“We did see a 50% reduction in cardiovascular death and all-cause mortality, but these were secondary endpoints,” Husain said. The main goal of the study “was just to demonstrate safety,” he said.

He cautioned people should not to read too much into the apparent reduction in the death risk. “We urge caution because they’re small numbers and it’s a relatively short-duration study.”

The rate of patients dropping out of the trial was higher for those who received semaglutide – 11.6% compared with 6.5% for placebo – with gastrointestinal problems such as nausea and vomiting being the driving force. Those are common side effects for the GLP-1 class of diabetes medicines.

Do Adults Need a Measles Booster Shot?

By Dennis Thompson
HealthDay Reporter

WEDNESDAY, May 8, 2019 (HealthDay News) — New York’s ongoing measles epidemic alarmed midtown Manhattan resident Deb Ivanhoe, who couldn’t remember whether she’d ever been vaccinated as a child.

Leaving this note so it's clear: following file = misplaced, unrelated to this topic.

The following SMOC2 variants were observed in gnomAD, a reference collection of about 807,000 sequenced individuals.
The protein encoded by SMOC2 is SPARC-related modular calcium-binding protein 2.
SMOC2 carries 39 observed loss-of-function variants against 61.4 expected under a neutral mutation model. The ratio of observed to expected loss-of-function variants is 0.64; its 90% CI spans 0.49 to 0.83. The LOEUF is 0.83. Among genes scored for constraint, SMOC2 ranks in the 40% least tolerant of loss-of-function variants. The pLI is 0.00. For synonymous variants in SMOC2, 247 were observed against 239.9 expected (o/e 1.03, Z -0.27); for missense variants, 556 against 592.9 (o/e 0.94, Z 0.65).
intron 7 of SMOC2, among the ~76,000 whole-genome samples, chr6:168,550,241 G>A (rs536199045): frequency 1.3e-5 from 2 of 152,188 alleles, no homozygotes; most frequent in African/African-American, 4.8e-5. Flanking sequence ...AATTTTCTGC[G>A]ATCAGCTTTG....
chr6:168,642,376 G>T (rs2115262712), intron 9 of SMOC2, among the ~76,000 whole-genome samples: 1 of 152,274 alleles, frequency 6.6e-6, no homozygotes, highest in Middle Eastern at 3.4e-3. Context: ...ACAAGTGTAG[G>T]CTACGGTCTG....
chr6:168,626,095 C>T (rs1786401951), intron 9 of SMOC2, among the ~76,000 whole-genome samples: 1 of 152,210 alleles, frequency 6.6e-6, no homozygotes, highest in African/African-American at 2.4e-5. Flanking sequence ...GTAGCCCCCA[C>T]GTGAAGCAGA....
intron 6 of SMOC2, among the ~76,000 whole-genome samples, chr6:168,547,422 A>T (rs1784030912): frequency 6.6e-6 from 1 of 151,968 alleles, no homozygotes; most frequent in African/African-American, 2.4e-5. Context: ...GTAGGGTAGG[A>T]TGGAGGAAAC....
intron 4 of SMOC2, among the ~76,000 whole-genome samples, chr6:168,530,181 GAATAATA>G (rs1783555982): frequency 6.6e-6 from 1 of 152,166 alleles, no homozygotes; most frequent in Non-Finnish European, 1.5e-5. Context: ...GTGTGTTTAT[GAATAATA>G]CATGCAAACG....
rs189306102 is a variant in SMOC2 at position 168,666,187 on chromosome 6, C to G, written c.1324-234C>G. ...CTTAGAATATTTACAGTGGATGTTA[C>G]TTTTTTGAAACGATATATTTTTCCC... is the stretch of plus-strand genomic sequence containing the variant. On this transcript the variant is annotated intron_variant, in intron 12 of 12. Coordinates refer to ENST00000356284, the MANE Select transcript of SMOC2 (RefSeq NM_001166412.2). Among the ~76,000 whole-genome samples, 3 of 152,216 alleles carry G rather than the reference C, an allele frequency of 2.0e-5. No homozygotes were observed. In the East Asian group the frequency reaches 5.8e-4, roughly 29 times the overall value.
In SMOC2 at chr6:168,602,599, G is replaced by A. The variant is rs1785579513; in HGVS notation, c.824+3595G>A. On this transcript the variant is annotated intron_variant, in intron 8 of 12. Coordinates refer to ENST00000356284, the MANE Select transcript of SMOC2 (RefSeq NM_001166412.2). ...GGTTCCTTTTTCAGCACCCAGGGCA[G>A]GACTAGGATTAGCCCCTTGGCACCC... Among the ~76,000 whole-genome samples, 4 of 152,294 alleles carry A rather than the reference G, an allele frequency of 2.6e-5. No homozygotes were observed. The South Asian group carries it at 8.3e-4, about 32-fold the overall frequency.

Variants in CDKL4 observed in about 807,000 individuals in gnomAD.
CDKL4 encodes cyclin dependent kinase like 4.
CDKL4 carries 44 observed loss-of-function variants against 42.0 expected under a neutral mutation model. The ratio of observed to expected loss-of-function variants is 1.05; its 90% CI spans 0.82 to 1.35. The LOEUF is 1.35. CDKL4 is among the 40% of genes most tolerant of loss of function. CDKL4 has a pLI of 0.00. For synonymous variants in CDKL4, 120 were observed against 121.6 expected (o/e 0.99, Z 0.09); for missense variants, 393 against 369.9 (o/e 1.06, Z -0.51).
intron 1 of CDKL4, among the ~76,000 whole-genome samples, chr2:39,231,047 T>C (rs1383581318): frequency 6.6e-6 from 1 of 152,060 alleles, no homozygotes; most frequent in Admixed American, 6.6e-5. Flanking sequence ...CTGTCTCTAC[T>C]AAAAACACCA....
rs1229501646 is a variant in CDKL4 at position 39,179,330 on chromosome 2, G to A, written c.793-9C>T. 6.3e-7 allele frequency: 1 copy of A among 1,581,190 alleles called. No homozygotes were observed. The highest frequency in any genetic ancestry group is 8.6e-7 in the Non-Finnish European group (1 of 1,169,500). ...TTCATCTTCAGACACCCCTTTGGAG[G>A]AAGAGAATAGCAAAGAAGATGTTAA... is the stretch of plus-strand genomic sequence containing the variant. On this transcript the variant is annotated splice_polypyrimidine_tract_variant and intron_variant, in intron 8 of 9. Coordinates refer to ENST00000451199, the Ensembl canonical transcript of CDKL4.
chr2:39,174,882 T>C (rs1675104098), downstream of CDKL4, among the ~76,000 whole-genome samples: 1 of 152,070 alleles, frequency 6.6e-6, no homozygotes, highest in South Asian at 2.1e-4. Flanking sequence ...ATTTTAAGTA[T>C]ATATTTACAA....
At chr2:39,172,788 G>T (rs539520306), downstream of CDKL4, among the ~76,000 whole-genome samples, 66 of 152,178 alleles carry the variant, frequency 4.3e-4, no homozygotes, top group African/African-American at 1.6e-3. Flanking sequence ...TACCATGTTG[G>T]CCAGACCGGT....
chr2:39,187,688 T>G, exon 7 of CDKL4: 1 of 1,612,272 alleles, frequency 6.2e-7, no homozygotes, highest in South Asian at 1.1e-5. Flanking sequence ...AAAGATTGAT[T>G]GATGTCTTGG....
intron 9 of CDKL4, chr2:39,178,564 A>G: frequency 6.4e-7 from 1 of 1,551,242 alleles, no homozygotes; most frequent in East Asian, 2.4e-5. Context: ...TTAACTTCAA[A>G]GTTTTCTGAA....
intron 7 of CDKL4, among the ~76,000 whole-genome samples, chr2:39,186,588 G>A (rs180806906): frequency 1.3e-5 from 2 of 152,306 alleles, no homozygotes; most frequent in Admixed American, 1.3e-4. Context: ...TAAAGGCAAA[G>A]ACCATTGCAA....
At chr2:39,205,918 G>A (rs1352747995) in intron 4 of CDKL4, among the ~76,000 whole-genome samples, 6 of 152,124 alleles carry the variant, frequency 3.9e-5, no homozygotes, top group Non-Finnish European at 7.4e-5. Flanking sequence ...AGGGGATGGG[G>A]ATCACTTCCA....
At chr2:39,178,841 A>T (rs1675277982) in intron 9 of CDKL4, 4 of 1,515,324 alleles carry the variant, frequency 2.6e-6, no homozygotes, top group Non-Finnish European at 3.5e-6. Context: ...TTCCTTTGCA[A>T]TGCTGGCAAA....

So Ivanhoe, 60, sought out her long-time primary care doctor, who performed an antibody test to see whether she had any protection against measles.

To her surprise, the test revealed that Ivanhoe had no immunity to measles. Her doctor quickly gave her a measles booster shot.

“I’m a New Yorker. I’m out and about. I take the subway every day,” Ivanhoe said of her concerns. “One of the outbreak areas is in Williamsburg, Brooklyn. I have friends in Williamsburg. I go to there to visit, for dinner. It all becomes local.”